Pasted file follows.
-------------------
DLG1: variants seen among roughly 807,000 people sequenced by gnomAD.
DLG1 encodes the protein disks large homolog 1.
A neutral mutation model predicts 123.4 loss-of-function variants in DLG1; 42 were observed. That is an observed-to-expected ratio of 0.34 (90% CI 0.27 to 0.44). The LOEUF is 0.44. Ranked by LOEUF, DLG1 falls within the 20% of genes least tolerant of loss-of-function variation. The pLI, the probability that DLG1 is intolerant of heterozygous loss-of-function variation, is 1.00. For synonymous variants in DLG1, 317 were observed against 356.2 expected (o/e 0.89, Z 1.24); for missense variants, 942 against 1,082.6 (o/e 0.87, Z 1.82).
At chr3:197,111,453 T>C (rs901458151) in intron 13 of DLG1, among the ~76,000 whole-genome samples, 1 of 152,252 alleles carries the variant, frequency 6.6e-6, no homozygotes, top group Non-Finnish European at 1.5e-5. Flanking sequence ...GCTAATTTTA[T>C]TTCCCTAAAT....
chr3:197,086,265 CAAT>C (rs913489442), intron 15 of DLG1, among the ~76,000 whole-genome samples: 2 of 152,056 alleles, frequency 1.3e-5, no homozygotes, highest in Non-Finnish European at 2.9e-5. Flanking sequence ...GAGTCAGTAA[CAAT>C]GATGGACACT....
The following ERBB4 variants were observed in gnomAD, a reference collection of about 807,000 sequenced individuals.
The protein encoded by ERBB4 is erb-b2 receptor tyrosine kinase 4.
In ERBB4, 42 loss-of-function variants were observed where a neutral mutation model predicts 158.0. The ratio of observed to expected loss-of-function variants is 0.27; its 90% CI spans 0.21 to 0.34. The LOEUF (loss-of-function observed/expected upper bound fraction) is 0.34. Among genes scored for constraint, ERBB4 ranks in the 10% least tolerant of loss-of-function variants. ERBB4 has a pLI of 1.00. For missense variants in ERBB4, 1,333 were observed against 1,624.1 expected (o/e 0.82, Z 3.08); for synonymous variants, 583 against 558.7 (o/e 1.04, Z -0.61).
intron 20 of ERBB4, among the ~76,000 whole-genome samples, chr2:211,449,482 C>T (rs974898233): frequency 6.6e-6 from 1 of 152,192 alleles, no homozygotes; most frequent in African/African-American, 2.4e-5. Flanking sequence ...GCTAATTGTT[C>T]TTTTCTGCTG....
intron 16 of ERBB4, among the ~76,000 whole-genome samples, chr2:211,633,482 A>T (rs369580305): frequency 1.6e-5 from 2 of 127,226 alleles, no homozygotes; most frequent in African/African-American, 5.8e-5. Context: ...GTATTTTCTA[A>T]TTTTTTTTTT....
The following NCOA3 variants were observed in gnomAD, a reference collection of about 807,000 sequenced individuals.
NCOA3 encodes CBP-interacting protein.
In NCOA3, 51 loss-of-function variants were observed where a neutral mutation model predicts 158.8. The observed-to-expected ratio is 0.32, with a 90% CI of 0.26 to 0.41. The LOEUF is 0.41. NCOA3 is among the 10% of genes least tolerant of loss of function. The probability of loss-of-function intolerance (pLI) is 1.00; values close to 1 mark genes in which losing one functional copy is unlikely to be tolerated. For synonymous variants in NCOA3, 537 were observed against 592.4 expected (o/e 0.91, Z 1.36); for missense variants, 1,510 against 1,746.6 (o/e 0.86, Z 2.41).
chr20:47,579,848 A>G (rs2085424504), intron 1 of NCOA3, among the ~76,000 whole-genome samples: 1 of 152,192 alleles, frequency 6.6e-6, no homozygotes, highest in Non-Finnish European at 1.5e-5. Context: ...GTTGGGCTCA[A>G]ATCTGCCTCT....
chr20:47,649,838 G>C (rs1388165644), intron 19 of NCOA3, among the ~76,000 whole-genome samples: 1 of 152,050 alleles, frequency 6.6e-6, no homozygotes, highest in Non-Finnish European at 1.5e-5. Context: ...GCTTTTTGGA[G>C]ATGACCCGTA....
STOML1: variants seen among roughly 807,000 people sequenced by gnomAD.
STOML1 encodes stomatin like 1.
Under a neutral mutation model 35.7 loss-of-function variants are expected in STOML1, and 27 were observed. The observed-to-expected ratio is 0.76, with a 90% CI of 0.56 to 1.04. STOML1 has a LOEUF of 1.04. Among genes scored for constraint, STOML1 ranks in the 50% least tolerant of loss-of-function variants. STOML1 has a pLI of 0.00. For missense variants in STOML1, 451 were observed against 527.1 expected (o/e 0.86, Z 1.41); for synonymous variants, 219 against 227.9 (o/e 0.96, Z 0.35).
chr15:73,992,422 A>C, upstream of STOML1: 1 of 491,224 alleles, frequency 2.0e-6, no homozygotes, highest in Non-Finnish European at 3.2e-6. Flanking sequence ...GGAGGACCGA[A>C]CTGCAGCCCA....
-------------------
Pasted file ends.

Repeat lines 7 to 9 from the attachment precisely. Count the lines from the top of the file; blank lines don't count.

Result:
The protein encoded by ERBB4 is erb-b2 receptor tyrosine kinase 4.
In ERBB4, 42 loss-of-function variants were observed where a neutral mutation model predicts 158.0. The ratio of observed to expected loss-of-function variants is 0.27; its 90% CI spans 0.21 to 0.34. The LOEUF (loss-of-function observed/expected upper bound fraction) is 0.34. Among genes scored for constraint, ERBB4 ranks in the 10% least tolerant of loss-of-function variants. ERBB4 has a pLI of 1.00. For missense variants in ERBB4, 1,333 were observed against 1,624.1 expected (o/e 0.82, Z 3.08); for synonymous variants, 583 against 558.7 (o/e 1.04, Z -0.61).
intron 20 of ERBB4, among the ~76,000 whole-genome samples, chr2:211,449,482 C>T (rs974898233): frequency 6.6e-6 from 1 of 152,192 alleles, no homozygotes; most frequent in African/African-American, 2.4e-5. Flanking sequence ...GCTAATTGTT[C>T]TTTTCTGCTG....